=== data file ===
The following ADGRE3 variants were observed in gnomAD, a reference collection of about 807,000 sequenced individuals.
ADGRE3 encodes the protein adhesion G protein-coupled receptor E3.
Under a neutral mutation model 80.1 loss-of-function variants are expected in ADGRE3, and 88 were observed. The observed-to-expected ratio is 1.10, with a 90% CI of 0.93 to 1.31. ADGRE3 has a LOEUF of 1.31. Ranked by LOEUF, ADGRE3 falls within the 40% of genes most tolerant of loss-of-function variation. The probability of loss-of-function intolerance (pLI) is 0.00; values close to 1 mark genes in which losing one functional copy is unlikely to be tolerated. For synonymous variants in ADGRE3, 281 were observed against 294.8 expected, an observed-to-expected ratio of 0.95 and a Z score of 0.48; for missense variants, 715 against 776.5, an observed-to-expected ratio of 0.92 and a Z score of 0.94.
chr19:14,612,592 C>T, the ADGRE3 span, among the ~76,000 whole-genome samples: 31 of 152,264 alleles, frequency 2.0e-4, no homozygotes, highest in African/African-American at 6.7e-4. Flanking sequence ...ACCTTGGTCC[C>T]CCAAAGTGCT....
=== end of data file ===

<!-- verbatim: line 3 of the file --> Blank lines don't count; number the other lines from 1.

Under a neutral mutation model 80.1 loss-of-function variants are expected in ADGRE3, and 88 were observed. The observed-to-expected ratio is 1.10, with a 90% CI of 0.93 to 1.31. ADGRE3 has a LOEUF of 1.31. Ranked by LOEUF, ADGRE3 falls within the 40% of genes most tolerant of loss-of-function variation. The probability of loss-of-function intolerance (pLI) is 0.00; values close to 1 mark genes in which losing one functional copy is unlikely to be tolerated. For synonymous variants in ADGRE3, 281 were observed against 294.8 expected, an observed-to-expected ratio of 0.95 and a Z score of 0.48; for missense variants, 715 against 776.5, an observed-to-expected ratio of 0.92 and a Z score of 0.94.